The guides from Wilderness Rocks help urban dwellers escape to nature with five- to six-hour day trips through the Catskills and beyond. Groups of up to 14 get scooped up on the Upper East Side of Manhattan and whisked away from the concrete jungle's hectic routine of hailing taxis and dodging falling coconuts under the Panamanian Consulate. Departing throughout the year, hike options range from the Catskills snowshoe trip on February 11—a 6-mile trek through the snowy sanctum of the Catskill Mountains—to the Pound Mountain trip on April 7, which involves moderate rock climbing and spelunking. Rather than sprinting ahead to nab the freshest, most coveted pinecones, guides make several stops along the way, allowing everyone to catch their breath and take in the serenity of their surroundings. Once hikers have finished each trail, Wilderness Rocks transports the group back to the 86th Street rendezvous point with nothing but their gear, memories, and carefully rehearsed alibis. Before departure, check each trip's page for departure times, clothing requirements, and what equipment to bring.
Belly dancer Amira Mor has tapped finger cymbals for Moroccan royalty and shimmied for the prime minister of Jordan. Her moves can be elegant or sensual: she coached Britney Spears through new routines at the Broadway Dance Center in New York City, and has also choreographed for the New York City Ballet. Her moves have also landed her a role Sex and the City 2 and taken her to Guantanamo Bay, where she led belly dance boot camps for U.S. Marines. “From the moment Mor begins her dance,” a reporter for the Star-Ledger wrote, “there’s no doubt who’s in charge.… She wears a fringed bustier spangled with gold, and, for a skirt, slashes of sparkly fabric that whip away from her body as she spins, which she does in a blur of speed.…”
At Amira Mor International Entertainment Company, anyone interested in belly dancing can benefit from the award-winning dancer's instruction. With the help of fellow dance instructor Stephanie, she teaches groups some traditional Middle Eastern moves, drawing on modern innovations including flashy hip movements and songs about fax machines. Additionally, Amira is a certified fitness instructor, so she can also help students on quests for sculpted abs.
FastFrame's talented framers and designers elegantly preserve prized art prints, photos, and artifacts with custom frames assembled out of a variety of mouldings and materials. The hard-working staff builds wall-worthy encasements for two- and three-dimensional keepsakes with a speedy turnaround time, enshrining engagement photos in contemporary frames and safeguarding deflated banana boats in snazzy shadow boxes. The seasoned technicians can craft exoskeletons for pictures using standard mats and frames or specialty fabrics and acid-free preservation materials. As a sign of its dedication to exceptional customer service, FastFrame's 30-day guarantee allows for free redesigns within 30 days of sale, along with a lifetime guarantee on structural craftsmanship.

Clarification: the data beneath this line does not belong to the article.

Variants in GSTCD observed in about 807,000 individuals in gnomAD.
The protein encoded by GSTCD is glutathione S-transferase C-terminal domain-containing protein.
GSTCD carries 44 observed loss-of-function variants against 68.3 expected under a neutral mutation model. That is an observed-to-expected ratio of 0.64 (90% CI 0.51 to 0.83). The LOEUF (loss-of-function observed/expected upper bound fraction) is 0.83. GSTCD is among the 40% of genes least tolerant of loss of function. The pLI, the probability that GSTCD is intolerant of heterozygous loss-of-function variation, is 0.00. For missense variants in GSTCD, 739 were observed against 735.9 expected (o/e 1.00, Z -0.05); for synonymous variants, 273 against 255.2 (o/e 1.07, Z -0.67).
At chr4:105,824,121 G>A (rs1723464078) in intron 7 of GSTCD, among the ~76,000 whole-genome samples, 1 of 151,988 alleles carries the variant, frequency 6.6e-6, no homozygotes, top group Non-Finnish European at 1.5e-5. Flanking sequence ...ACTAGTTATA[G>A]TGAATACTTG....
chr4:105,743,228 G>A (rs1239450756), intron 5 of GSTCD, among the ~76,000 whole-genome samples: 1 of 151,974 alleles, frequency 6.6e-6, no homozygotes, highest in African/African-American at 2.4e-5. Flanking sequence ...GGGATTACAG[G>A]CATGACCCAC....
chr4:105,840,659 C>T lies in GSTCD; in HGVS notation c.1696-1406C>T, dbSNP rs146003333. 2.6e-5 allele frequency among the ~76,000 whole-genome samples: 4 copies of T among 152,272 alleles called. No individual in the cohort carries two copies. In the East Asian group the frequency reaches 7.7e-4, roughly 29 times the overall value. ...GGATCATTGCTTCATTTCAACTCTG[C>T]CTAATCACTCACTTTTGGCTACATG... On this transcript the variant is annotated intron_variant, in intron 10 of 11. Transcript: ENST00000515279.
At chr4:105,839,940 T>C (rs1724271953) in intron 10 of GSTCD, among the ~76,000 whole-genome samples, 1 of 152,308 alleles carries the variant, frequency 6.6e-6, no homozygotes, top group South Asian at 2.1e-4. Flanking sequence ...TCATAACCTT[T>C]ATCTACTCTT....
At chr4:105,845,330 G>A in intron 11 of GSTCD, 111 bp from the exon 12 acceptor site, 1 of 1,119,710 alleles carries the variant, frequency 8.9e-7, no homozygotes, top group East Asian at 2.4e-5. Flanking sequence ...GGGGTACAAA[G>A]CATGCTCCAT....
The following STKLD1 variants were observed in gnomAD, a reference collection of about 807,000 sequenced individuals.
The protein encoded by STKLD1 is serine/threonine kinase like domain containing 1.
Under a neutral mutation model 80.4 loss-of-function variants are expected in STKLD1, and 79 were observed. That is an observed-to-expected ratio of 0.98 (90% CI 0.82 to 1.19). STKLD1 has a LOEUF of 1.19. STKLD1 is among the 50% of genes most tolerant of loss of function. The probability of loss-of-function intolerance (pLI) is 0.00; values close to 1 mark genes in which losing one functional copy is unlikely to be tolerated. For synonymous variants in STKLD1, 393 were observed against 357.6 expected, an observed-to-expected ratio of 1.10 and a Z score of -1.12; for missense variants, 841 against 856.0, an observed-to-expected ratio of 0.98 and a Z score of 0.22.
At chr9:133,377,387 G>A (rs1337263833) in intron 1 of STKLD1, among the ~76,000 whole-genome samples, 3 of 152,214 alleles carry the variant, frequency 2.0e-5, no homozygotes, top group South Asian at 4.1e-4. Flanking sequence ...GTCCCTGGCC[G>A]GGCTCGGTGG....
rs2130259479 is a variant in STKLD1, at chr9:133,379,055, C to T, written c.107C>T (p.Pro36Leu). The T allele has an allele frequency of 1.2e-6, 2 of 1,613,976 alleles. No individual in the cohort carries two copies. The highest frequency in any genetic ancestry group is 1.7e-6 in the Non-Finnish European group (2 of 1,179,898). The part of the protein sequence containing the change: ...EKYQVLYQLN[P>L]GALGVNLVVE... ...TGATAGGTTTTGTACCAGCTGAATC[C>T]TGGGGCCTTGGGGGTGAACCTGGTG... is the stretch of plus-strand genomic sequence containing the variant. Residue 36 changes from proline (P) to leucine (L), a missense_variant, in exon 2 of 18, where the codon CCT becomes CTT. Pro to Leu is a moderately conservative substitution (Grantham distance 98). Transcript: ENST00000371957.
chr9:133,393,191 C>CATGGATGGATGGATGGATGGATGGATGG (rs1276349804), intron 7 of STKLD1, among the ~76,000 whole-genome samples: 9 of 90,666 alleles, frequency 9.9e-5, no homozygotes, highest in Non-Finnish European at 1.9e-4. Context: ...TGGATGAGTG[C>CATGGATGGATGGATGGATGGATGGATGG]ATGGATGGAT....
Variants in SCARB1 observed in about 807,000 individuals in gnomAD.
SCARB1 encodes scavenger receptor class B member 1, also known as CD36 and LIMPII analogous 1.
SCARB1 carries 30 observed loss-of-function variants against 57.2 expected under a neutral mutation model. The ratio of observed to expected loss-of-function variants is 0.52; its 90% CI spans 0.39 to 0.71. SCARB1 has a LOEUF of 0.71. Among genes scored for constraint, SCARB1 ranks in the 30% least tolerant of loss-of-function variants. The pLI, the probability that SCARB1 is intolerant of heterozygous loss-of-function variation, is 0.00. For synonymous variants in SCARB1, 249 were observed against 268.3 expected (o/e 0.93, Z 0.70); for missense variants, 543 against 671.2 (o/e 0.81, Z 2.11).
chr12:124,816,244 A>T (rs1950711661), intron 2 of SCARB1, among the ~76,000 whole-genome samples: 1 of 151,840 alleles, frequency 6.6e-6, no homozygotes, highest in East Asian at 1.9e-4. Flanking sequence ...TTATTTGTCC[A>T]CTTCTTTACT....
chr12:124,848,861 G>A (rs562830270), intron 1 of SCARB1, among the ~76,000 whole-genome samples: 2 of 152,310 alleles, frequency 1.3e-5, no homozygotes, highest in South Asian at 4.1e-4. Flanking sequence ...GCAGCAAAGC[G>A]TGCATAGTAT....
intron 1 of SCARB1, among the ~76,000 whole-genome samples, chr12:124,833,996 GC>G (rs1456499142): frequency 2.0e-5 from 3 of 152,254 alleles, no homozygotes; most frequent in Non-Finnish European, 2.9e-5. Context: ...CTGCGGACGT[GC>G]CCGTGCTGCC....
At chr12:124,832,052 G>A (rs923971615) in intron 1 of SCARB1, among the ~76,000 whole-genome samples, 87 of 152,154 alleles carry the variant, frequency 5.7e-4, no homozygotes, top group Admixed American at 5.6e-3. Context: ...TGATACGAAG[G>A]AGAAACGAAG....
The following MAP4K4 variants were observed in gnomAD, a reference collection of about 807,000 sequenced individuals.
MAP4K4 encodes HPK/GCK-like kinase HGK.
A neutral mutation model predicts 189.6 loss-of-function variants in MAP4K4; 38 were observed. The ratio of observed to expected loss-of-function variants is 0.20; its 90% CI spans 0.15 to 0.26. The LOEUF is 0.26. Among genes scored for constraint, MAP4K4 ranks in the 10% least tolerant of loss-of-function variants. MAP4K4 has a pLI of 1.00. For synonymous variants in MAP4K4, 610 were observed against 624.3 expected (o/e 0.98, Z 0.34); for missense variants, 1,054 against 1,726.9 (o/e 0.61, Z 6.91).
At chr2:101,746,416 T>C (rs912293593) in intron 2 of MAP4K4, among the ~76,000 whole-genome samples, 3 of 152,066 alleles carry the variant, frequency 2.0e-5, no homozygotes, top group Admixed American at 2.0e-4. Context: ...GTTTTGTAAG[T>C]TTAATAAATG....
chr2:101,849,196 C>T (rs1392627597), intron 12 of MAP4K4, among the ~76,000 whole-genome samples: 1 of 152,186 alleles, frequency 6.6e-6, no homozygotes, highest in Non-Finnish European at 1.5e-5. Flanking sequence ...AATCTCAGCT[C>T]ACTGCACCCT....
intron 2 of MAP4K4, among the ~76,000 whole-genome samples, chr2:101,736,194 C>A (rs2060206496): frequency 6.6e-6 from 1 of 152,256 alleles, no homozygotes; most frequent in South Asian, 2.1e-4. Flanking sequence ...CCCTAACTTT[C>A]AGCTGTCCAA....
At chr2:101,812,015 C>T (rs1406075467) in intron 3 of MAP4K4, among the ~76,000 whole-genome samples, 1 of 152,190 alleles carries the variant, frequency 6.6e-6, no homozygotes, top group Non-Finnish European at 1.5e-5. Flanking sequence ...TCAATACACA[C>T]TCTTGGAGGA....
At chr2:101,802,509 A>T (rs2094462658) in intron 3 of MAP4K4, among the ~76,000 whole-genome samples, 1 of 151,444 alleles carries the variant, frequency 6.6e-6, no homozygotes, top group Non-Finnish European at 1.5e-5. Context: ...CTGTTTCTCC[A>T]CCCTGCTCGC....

LiloVeve—a composite of the words "live" and "love"—is part gallery, part wedding-band boutique, and part jewelry-making school. First came the gallery. Caroline Glemann founded it to showcase a range of art that includes paintings, photos, and a permanent jewelry collection. Jewelry-making students take classes and workshops to pick up skills in metalwork, wax carving, and gold alloying. They can even learn about design from an industry perspective, or prep for the SAT's recently added fashion section. Handmade rings adorn betrothed digits after LiloVeve craftspeople lovingly solder, saw, and pierce each sparkling circle.
Reflecting the diverse scope and scale of science itself, the exhibits at the New York Hall of Science range from massive NASA rockets to holographic depictions of the infinitesimal atom. Originally built for the 1964 World's Fair to showcase technological advancements, the center has since transformed into an interactive museum that, since 1986, has seen more than 7 million visitors. Today, more than 450 interactive exhibits invite visitors of all ages to explore the world by watching living microbes thrive and evolve in a miniscule zoo, discovering the powerful mathematics hidden in everyday objects, and testing their understanding of physics and Plutonian trash talk on a mini-golf course inspired by the cosmos.
Operating since the early 1900s and voted Best Petting Zoo of 2011 by readers of the Long Island Press, White Post Farms stimulates visitors with a smorgasbord of exciting diversions. Guests commune with an exotic menagerie of man’s second-best friends in the petting zoo, home to zebras, kangaroos and a sublimely patient giant tortoise. Friends of the feathered can hang out at Ronnie’s Birdie Landing, a free-flight aviary that boasts a 70-foot waterfall and a flock of parakeets that moonlight as a Flock of Seagulls cover band (feed, $0.92–$4.61, is not included). Guests can also enjoy the company of faux furry companions, gawking at the spectacle of the animatronic Animal Band Jamboree and the Singin’ Chicken Show.